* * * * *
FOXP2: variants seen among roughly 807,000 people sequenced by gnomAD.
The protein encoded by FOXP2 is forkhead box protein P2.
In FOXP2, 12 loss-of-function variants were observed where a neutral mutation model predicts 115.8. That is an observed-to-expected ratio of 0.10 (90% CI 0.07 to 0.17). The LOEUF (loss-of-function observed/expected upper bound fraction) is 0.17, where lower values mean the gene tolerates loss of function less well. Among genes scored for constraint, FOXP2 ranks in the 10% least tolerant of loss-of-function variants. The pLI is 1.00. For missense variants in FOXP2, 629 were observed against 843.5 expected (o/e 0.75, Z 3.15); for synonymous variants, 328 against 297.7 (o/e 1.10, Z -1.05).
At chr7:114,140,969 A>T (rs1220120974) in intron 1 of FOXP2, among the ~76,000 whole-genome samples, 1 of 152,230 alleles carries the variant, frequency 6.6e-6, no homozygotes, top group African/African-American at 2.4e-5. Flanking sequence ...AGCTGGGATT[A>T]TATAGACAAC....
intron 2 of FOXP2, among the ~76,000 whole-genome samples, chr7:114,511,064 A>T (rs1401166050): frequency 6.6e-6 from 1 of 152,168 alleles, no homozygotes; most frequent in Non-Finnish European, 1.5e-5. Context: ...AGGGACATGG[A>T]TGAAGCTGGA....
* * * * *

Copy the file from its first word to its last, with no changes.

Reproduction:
FOXP2: variants seen among roughly 807,000 people sequenced by gnomAD.
The protein encoded by FOXP2 is forkhead box protein P2.
In FOXP2, 12 loss-of-function variants were observed where a neutral mutation model predicts 115.8. That is an observed-to-expected ratio of 0.10 (90% CI 0.07 to 0.17). The LOEUF (loss-of-function observed/expected upper bound fraction) is 0.17, where lower values mean the gene tolerates loss of function less well. Among genes scored for constraint, FOXP2 ranks in the 10% least tolerant of loss-of-function variants. The pLI is 1.00. For missense variants in FOXP2, 629 were observed against 843.5 expected (o/e 0.75, Z 3.15); for synonymous variants, 328 against 297.7 (o/e 1.10, Z -1.05).
At chr7:114,140,969 A>T (rs1220120974) in intron 1 of FOXP2, among the ~76,000 whole-genome samples, 1 of 152,230 alleles carries the variant, frequency 6.6e-6, no homozygotes, top group African/African-American at 2.4e-5. Flanking sequence ...AGCTGGGATT[A>T]TATAGACAAC....
intron 2 of FOXP2, among the ~76,000 whole-genome samples, chr7:114,511,064 A>T (rs1401166050): frequency 6.6e-6 from 1 of 152,168 alleles, no homozygotes; most frequent in Non-Finnish European, 1.5e-5. Context: ...AGGGACATGG[A>T]TGAAGCTGGA....